The North-to-South bias in the distribution of Earth's visible land mass at last has an explanation.
"Fundamentally," says Professor Gorice of at the Michigan State University Tolkien Memorial Lecture in Hubbard Hall, "The Earth's dry land is dripping like the Sherwin-Williams paint can. And this can all be explained by astrophysics."
The Earth's motion through the Galaxy, as we orbit the Sun, tends in the direction very roughly correlating with North. (It's much more complicated than that, of course.) Every day we collide with trillions of particles large and small with a slight bias toward a North-to-South collision. The effect is slight, but the result is an obvious orientation in the Earth's visible landmasses, as particles of every size down to the sub-atomic rain down upon us with a pronounced orientation, kicking up the dirt slightly more often to the South.
The effect is less pronounced for masses under the ocean. "Water impacts don't impact with the same impact as dry land impacts," explained Gorice, "Fluids are displaced but backfilled by the rest of the fluid in the same body of water. Dry land doesn't do that, and thus the effect."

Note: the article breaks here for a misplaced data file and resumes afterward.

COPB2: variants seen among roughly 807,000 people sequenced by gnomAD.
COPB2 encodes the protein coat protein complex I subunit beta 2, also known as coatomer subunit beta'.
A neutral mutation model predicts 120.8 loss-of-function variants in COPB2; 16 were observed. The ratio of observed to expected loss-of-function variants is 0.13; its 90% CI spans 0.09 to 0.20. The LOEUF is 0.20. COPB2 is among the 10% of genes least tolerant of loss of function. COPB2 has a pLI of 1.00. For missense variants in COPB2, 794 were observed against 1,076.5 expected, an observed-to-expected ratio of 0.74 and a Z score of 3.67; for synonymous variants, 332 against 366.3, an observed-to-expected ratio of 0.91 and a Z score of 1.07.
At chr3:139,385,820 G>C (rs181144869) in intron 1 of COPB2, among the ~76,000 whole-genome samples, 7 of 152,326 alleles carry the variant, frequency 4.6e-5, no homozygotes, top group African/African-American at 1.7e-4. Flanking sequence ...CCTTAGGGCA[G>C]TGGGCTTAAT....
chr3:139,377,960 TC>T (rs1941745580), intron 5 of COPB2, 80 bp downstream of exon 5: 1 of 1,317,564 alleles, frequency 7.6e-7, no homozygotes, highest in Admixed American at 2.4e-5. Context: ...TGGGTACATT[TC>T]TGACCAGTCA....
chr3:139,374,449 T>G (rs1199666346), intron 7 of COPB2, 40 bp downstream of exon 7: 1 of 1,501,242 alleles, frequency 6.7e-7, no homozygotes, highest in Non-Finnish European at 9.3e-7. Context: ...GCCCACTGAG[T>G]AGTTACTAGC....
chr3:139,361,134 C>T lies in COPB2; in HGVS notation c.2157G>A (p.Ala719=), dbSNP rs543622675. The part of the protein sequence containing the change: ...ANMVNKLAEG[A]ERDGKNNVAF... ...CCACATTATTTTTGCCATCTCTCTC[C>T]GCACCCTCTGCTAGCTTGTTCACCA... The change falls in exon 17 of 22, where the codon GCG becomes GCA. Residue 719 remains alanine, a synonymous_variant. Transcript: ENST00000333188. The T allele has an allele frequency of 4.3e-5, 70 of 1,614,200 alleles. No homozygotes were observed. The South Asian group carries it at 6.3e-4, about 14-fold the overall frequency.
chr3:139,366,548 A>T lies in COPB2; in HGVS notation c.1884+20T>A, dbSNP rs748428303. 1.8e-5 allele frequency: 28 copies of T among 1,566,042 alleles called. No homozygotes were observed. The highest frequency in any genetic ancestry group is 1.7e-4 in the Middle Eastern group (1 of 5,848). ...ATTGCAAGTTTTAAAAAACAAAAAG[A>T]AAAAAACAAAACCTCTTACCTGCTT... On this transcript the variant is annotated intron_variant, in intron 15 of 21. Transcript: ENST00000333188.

Why hasn't this been noticed before?
The effect is complicated by many factors. Earth's techtonic plates move around and obscure the effect of galactic motion. As greenhouse gasses wax and wane over the eons, the sea level rises and falls, shielding different areas from the effect.
But the long-term result is as clear as a map. "Ultimately," says Gorice, "All our dry land will lump together at the bottom. Of course, we'll be dead by then."